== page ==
Oroke noted that originally, the county did not plan to improve County Road 1 south of the turnpike.
"It appears to most of us in this room that the reason KTA changed their mind was because the funding wasn't there," Downes said.
Federal funds key
As Downes was talking, the bell rang signaling the end of her five minutes.
"She can have my five minutes," said a man in the audience.
About a half-dozen other people gave their time to Downes, who continued talking.
She again said County Road 1, south of the turnpike, would be even more dangerous if turnpike traffic were added to it.
"I never really heard ... I really want to hear why is the south not being done," Downes said to the commissioners.
Oroke replied, "We have not said it is not being done."
Downes persisted, saying, "When is it going to be done?"
Oroke said he would not be able to answer that question until June or July, when commissioners knew whether the county would receive federal funds to improve roads.
Downes also asked Oroke if Tailgate Ranch owners Paul and Elizabeth McKie would be "pitching in on this."
Oroke said the McKies were donating land for right of way, adding: "We're still in negotiation as to what the dollars will be."
Charles Benjamin, an attorney representing the County Road 1 group, said when voters approved the 10-year extension of the county's 1-cent sales tax in April 2004, they didn't realize the money would fund road improvements for a turnpike interchange.
Oroke said the information was publicized prior to the election in brochures, in the local news media and through informational talks.
Countywide, about 65 percent of voters approved the sales tax extension. In Reno Township, where the interchange will be built, 69 percent voted in favor of the tax extension, which will generate about $2.79 million annually.
Leavenworth County is planning to pay about $7 million to $8 million to improve County Road 1 north of the turnpike. Tonganoxie is talking about contributing $2.8 million. And it's possible that KTA, which will pay for construction of the interchange, also may finance some off-site improvements.
Debbie Skeets, who lives near the proposed interchange, noted that the 1-cent sales tax, which will expire at the end of this year, was set up to fund the county's justice center, which opened in 2000.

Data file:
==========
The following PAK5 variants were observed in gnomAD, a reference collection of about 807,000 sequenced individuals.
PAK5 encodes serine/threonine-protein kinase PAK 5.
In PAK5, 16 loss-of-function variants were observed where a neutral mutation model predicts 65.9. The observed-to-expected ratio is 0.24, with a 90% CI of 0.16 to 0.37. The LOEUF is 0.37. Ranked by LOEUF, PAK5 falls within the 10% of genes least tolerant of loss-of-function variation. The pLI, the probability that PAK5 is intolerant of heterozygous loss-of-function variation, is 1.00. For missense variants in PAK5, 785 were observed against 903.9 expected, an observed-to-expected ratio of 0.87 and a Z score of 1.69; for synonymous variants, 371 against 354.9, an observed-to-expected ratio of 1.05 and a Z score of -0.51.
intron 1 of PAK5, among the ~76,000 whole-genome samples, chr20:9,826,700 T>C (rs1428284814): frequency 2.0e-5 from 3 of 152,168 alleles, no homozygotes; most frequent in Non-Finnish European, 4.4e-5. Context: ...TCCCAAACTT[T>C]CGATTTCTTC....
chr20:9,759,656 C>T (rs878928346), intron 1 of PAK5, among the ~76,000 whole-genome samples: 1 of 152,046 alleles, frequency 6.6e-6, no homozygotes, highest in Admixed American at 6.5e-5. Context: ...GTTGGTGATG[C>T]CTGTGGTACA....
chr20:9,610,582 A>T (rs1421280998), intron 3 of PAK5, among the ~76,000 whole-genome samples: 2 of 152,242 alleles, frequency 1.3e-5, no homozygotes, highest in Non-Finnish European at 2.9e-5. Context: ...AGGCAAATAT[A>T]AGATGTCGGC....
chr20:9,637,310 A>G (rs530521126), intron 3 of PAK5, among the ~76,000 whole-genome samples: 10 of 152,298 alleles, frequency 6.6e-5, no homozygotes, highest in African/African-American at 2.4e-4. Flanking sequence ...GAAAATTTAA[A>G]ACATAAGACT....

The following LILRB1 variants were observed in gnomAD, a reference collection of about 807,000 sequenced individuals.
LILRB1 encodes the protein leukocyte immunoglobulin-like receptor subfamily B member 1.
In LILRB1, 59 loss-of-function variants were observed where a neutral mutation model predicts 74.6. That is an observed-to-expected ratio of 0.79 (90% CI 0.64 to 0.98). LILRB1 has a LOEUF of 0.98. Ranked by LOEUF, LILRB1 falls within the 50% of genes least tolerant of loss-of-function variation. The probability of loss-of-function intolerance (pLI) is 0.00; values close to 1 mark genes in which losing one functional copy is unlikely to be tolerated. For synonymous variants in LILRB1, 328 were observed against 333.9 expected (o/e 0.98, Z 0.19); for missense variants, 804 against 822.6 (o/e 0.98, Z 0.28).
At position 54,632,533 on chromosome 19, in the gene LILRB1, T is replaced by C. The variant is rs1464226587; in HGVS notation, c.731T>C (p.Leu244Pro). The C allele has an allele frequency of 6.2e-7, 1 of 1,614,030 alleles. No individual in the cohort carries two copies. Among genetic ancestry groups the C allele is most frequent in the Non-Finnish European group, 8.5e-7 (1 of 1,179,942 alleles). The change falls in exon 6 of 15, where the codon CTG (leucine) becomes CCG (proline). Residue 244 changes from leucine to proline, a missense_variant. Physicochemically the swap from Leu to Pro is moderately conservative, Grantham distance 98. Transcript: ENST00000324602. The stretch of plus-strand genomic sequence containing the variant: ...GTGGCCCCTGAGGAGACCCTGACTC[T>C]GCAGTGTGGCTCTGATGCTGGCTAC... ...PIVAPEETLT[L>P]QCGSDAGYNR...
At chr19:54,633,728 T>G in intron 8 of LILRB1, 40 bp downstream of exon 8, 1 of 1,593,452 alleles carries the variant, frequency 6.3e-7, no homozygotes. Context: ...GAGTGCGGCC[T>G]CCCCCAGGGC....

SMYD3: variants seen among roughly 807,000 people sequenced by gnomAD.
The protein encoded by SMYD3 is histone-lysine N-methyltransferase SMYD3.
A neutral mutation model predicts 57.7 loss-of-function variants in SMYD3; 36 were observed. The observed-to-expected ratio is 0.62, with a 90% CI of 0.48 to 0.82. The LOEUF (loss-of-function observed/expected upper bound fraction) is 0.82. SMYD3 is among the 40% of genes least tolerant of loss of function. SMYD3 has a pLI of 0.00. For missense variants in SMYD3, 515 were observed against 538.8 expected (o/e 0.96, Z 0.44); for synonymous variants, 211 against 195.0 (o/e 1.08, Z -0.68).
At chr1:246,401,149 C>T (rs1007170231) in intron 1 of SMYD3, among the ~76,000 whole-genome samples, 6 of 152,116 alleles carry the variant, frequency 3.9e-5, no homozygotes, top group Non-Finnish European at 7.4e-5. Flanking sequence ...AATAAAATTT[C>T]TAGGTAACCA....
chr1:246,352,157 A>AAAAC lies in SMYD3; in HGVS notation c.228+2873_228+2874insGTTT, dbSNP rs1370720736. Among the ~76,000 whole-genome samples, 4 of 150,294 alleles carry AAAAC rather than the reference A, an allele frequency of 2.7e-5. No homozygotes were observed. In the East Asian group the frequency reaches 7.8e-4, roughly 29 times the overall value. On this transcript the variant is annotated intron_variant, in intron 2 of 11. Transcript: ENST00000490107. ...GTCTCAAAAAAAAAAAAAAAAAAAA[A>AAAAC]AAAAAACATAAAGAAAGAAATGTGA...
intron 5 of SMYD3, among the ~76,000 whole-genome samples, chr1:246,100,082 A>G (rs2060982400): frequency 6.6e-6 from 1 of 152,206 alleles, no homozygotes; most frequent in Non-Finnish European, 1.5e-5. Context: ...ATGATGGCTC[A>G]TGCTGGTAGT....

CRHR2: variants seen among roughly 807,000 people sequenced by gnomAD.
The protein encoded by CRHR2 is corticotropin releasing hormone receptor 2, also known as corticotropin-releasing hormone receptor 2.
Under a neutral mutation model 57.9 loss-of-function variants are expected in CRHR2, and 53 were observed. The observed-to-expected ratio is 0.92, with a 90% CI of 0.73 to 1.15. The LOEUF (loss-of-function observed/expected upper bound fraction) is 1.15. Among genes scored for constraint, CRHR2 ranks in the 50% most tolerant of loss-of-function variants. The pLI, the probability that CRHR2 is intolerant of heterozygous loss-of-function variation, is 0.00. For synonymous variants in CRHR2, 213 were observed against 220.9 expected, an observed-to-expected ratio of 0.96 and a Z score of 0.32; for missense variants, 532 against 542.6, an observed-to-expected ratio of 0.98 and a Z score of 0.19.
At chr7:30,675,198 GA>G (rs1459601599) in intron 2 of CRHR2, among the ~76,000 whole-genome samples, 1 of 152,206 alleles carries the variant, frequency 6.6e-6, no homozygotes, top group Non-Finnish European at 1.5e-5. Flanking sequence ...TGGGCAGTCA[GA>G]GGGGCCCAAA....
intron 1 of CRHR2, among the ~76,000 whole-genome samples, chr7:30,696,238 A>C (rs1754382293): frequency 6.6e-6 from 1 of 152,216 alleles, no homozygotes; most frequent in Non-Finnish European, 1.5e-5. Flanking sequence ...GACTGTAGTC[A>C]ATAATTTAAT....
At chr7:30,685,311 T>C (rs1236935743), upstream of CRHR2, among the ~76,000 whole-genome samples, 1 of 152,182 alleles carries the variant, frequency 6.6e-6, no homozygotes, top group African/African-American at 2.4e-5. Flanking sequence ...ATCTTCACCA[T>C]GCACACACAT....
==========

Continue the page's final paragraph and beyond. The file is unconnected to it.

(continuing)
"With the judicial building, you put it on there (the ballot)," Skeets said. "... This did not specifically say turnpike interchange."
And Bill Jones, who lives near the Skeets family, expressed concern about heavy turnpike vehicles, such as semi trailer trucks, using County Road 1 bridges that have a 10-ton weight limit.
"We need to fix a whole road, not just half of a road. We need to do it right, otherwise people are going to die," Jones said.
And when asked why KTA plans to build the interchange on lands near but not on Tailgate Ranch, Oroke said that site was selected because of the elevation.
Bill Petrie, president of Leavenworth County Development Corp., said he understood residents' safety concerns. He also said positive economic development aspects of an interchange should be considered.
"They're not going to have a road down there that's going to be unsafe," Petrie said. "It's just not going to happen."
But local resident Billy Skeets expressed skepticism about economic development benefits the interchange would generate.
"Sprawl doesn't pay its way," Skeets said.
After the meeting, Commissioner Graeber said he wasn't sure if Monday's meeting resolved anything.
"I think it is important, though," he said. "I want to at least send our people out to County Road 1 to have it looked at -- what can we do to improve the safety, if possible. If not, maybe we need to look at it more."